Cablevision-Fox Fight Goes Down to Wire


Cablevision Systems and
Fox Networks turned up the heat
in their ongoing carriage dispute
last week, with both sides
hurling barbs and giving strong
indications that an agreement
wouldn’t be reached by the Oct.
15 deadline.

Cablevision’s carriage agreement
with Fox — involving
broadcast stations WNYW and
WWOR-TV in New York and
WTXF in Philadelphia, as well as
cable channels Nat Geo Wild, Fox
Deportes and Fox Business Network
— were set to expire at midnight
on Oct. 15. As of press time,
no agreement had been reached.

Both sides stepped up the rhetoric
as talks moved closer to the
wire. Last Monday, Fox was the
first to indicate that perhaps a
deal was not forthcoming, stating
in a memo to the Federal Communications
Commission that it
had made a proposal to Cablevision
on Oct. 5 and had not received
a response. That answer,
in a letter from Cablevision executive
vice president of programming
Mac Budill to Fox president
of affi liate sales Michael Hopkins,
came a few hours later on Oct. 11.
Budill wrote that the Fox proposal
was exorbitantly high.

Cablevision executive vice
president of communications
Charles Schueler took it a step
further, saying in a statement released
to the media later on Oct.
11 that Fox was demanding a twofold
increase in the amount Cablevision
pays annually for its
networks, to $150 million from
$70 million.

Fox countered that Cablevision is paying considerably more
for two of its sister channels —
about $124 million annually for
sports channels MSG and MSG
Plus, now part of a separate company,
Madison Square Garden
— even though the Fox channels
have signifi cantly higher ratings.

In a research note, Miller Tabak
media analyst David Joyce
estimated that Fox is asking for
retransmission consent fees of
about $1 per month per subscriber
for the two Fox broadcast channels
— up from 25 cents — and 75
cents for WWOR (a MyNetwork
TV station), up from an estimated
10 cents. Joyce also estimated
that Fox is requesting 25 cents
for Fox Deportes (up from 5 cents
currently); 40 cents for Nat Geo
Wild (compared to its current 8
cents); and 50 cents for Fox Business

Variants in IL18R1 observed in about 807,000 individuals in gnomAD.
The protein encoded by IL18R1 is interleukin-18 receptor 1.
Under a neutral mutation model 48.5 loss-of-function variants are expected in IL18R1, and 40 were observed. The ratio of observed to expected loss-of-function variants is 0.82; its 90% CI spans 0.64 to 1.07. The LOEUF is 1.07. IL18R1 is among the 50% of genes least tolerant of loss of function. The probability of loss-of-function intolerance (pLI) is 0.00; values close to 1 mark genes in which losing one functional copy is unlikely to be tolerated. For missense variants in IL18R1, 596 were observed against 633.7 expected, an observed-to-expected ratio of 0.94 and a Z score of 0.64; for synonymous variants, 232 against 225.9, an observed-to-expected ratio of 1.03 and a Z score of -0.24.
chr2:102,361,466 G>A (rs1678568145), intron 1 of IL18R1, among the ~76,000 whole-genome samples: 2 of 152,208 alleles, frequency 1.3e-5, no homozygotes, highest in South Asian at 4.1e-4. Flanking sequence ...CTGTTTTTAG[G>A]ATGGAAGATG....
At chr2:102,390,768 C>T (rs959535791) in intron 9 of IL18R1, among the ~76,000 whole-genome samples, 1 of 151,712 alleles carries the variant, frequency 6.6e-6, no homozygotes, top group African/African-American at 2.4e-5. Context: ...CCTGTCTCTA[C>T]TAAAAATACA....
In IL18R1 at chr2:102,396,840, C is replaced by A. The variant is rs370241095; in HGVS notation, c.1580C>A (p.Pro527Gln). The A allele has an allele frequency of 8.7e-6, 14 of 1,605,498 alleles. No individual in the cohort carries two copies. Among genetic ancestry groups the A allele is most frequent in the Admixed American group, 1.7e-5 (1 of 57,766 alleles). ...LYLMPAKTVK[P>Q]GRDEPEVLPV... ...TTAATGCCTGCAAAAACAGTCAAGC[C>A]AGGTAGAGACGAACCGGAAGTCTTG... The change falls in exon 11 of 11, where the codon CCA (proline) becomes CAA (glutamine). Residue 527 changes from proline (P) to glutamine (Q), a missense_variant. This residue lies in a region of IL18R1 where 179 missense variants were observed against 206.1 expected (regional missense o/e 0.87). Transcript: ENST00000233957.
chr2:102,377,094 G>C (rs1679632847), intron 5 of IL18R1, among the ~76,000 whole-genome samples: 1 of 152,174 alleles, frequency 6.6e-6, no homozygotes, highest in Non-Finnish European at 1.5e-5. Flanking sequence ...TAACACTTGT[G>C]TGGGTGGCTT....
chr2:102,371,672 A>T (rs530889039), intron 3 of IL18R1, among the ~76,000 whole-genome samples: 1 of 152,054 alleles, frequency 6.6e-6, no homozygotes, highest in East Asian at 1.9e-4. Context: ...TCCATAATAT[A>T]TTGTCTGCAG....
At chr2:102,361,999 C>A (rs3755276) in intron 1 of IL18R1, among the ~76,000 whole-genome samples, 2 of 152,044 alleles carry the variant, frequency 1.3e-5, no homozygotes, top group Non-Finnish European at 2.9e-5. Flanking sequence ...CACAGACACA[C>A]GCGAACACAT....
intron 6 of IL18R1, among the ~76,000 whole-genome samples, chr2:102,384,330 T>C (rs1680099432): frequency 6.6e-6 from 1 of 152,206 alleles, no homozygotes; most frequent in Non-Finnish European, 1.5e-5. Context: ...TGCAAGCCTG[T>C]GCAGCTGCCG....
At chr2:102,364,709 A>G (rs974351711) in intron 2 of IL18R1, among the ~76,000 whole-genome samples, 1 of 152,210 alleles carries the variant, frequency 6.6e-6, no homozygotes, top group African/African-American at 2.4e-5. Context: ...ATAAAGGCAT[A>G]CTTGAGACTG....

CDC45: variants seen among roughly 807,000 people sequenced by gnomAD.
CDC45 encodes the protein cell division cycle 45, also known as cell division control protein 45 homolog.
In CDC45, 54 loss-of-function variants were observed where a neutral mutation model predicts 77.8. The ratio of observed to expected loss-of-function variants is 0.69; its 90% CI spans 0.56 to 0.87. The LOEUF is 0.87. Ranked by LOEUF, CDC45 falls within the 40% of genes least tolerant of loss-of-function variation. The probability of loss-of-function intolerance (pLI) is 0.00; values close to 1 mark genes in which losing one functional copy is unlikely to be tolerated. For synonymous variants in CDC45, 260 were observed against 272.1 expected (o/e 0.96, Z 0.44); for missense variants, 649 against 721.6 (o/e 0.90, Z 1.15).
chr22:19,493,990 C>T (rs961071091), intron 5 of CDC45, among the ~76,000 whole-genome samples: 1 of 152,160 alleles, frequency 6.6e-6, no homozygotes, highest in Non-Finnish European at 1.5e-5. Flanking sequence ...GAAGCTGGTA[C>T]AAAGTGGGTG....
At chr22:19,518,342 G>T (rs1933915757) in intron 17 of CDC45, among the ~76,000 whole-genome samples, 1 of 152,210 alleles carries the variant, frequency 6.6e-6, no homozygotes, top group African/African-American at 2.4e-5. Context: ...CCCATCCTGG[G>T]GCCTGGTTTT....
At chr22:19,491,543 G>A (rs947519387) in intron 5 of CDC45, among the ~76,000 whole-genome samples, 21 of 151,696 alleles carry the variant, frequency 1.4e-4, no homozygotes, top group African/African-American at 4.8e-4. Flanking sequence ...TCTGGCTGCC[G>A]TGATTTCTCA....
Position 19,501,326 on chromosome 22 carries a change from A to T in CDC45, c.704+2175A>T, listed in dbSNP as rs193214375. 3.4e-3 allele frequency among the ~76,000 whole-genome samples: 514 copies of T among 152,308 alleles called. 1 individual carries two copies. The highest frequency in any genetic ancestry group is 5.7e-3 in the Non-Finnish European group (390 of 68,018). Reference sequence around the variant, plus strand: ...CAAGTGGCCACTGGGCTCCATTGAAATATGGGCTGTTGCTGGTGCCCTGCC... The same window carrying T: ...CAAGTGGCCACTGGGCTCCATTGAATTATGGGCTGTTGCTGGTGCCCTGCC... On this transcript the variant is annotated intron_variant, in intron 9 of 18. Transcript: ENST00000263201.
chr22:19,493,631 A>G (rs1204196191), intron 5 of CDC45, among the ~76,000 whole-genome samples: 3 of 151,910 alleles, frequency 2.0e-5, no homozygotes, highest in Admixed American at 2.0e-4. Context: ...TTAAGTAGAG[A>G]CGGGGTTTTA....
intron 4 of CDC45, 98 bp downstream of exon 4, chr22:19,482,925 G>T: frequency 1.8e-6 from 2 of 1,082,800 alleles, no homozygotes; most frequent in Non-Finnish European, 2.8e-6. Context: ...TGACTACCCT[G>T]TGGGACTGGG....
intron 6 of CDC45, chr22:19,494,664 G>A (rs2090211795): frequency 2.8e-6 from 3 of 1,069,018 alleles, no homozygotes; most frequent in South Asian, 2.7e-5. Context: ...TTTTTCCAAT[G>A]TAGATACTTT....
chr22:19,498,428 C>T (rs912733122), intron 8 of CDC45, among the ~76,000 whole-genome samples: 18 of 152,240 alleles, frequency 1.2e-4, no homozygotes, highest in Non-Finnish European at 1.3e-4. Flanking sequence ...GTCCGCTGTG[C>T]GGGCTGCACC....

(up from 10 cents currently).

Both sides have made big
splashes in the New York media,
taking out ads in print, television
and radio to get their side of the
story out. But despite the rhetoric
and the chest thumping, the
dispute boils down to a simple
issue — Fox wants more money
for its channels, and Cablevision
doesn’t want to pay it.

Most analysts believe that Cablevision
will eventually pay —
the MSO itself has said that it has
offered to pay Fox a sum for the
broadcast stations that is equal to
or better than what it pays other

A lengthy impasse, though,
could affect business for both.
Fox has some leverage in the negotiations
in that its broadcast
stations carry National Football
League games — including
the hometown New York Giants.
And if the impasse lasts deeper
into the month, Cablevision subscribers
would risk missing Major
League Baseball’s World Series,
which starts on Oct. 27 and could
potentially involve the New York

Bethpage, N.Y.-based Cablevision
has about 3 million subscribers
in New York, Connecticut and
New Jersey.

Both sides are digging in their
heels — Fox has peppered the
New York media landscape with
ads warning Cablevision subscribers
“Three Strikes You’re
Out,” referencing the MSO’s earlier
carriage disputes with Scripps Networks and the ABC broadcast
network. Cablevision has countered
with ads that chastise Fox
parent News Corp. for negotiating
by taking programming away.

Cablevision also has enlisted
the help of local legislators from
Long Island, N.Y. — U.S. Reps.
Peter King (R-Seaford) and Steve
Israel (D-Huntington), both of
whom called for the parties to
submit to independent third-party
binding arbitration in the dispute.

Some analysts are expecting
that the channels will leave Cablevision
space at least for a little
while. And history would prove
them right — Scripps’ HGTV and
Food Networks were off the systems
for about three weeks earlier
this year and ABC returned after
several hours. Those deals were resolved
at rates that many observers
believed were palatable to both

Fox has also been embroiled
in a dispute with Dish Network
— it pulled its FX, National Geographic
Channel and 19 regional
sports networks from the satellite-
TV provider on Oct. 1. As of
press time, Dish’s 14.3 million
subscribers were still without
the channels.

Collins Stewart media analyst
Tom Eagan believes that in the
Cablevision battle, the advantage
may be with Fox.

In a research note Eagan wrote
that Fox has more sports programming
at stake — baseball’s
National League Championship
Series, the World Series and NFL
football — and that could force
some viewers to seek other options
in a drawn-out dispute.

“We believe there is a higher
likelihood that Cablevision subs
may tire of this and churn to alternative
providers,” Eagan wrote.